Even before the coronavirus, caregiving had become Sade Dozan’s every day.
About a year and a half ago, her parents moved close by to help Dozan, 30, and her husband, Michael, with their infant daughter in New Jersey. But soon after, her 69-year-old mother suffered a major cardiac arrest and, as she was recovering, was hit with a cancer diagnosis. Over the course of a year, Dozan said, “My daughter went from having a grandmother that was there to watch her and support her, to me being a full-time caregiver for both my daughter and my mother.”
Dozan had been helping her mother take showers, go to the bathroom and acclimate to her wheelchair — but, worried that she could be an asymptomatic carrier of the virus, Dozan felt she had to suspend their in-person interactions.
She’s been doing Zoom calls with her father and her mother’s care team to decide whether it’s worth the risk for physical therapists or nurses to come to their house. They had to determine, also over Zoom, whether complications after her mother’s recent surgery were severe enough to hazard an X-ray at a hospital admitting patients with coronavirus.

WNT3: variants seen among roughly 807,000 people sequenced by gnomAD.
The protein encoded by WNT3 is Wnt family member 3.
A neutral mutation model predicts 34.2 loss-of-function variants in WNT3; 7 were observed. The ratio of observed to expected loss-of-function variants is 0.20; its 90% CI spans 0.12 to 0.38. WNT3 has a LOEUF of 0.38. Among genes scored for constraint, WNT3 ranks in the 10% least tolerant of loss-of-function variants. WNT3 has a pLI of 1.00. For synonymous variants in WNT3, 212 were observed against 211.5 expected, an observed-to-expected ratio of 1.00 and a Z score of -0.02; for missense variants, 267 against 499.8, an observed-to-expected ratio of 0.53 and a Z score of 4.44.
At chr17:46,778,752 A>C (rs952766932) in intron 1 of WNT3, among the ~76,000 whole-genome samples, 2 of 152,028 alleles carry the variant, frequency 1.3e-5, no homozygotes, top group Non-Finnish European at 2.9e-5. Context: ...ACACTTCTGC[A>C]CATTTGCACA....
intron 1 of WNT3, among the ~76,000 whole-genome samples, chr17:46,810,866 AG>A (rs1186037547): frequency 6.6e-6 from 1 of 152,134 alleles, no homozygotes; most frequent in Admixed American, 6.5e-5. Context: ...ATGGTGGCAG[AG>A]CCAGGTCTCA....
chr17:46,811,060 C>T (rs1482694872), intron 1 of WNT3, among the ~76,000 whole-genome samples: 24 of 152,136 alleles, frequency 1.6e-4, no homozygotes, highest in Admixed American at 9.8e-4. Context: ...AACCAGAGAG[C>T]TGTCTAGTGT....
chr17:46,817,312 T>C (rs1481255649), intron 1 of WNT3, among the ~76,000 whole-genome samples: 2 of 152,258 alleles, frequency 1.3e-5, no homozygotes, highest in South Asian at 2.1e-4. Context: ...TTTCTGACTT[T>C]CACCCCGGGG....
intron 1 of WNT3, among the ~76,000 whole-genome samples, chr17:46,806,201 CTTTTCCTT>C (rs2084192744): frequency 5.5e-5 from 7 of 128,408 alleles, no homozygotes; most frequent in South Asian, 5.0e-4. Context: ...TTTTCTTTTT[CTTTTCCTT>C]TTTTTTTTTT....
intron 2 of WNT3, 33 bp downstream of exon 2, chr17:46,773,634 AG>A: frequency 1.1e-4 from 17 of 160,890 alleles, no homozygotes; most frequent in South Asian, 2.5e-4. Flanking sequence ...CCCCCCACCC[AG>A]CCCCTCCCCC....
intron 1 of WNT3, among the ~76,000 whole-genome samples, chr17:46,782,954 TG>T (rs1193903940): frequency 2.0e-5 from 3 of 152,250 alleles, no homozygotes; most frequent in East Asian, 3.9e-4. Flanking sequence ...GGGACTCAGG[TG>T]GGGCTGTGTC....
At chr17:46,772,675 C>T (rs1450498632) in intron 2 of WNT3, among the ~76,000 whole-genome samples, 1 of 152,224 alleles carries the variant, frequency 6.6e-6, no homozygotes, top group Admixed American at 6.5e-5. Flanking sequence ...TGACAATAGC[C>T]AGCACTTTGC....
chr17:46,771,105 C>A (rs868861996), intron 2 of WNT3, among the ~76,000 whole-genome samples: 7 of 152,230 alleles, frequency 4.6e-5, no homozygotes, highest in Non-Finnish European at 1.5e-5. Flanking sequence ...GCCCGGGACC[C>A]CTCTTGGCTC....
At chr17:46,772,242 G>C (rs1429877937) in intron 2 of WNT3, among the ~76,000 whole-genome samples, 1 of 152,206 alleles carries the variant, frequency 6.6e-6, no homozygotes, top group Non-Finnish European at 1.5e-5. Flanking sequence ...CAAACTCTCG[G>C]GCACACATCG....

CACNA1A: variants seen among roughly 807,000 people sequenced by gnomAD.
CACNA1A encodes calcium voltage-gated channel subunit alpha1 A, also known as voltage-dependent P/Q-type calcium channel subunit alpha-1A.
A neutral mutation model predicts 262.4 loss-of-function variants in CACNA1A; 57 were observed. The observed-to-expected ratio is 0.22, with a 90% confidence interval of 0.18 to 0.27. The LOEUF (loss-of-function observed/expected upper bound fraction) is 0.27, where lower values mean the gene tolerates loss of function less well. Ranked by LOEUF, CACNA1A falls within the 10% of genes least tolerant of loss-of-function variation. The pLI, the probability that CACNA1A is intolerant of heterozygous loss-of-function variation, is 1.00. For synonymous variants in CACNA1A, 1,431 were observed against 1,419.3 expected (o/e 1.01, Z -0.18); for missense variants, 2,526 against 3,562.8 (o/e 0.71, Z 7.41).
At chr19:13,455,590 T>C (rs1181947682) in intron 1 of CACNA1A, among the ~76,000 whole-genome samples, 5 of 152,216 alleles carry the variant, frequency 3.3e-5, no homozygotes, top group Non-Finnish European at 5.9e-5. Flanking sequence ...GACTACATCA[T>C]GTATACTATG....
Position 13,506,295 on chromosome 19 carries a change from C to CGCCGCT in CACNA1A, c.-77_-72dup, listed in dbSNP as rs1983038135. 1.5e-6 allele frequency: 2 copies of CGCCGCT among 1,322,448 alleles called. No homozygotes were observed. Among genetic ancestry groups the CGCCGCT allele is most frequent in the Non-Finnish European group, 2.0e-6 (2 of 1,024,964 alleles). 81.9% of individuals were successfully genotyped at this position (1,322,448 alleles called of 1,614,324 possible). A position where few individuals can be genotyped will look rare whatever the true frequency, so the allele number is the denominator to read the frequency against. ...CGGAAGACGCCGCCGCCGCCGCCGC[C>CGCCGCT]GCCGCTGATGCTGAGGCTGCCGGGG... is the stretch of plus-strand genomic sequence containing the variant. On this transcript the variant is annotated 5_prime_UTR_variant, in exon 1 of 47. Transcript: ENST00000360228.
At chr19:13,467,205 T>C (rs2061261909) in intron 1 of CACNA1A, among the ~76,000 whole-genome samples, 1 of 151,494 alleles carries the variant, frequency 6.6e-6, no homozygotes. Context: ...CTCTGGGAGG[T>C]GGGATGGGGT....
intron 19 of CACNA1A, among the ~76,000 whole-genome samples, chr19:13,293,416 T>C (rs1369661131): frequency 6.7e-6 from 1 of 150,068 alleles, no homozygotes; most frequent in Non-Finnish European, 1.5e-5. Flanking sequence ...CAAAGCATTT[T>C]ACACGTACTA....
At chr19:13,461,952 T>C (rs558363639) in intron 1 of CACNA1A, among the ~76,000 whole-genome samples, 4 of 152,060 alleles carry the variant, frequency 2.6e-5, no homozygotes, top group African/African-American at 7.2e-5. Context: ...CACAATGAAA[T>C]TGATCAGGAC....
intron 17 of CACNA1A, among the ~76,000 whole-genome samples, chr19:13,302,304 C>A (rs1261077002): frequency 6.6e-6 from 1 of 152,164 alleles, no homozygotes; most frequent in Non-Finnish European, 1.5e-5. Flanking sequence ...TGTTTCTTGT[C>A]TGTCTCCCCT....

Woerner, 47, lives outside Philadelphia, and before the pandemic, she would travel two or three times a week to Annapolis, Md., to help care for her 80-year-old father, who is in assisted living, and her 99-year-old grandmother, who lives in an independent-living apartment in a retirement community. Woerner’s children, ages 12 and 14, are now continuing school from home, and Woerner is making care packages of homemade cards, printed photos of the grandkids, and some of her father and grandmother’s favorite items that they can’t get in their facilities. Zoom is too complicated for them, so they talk on the phone.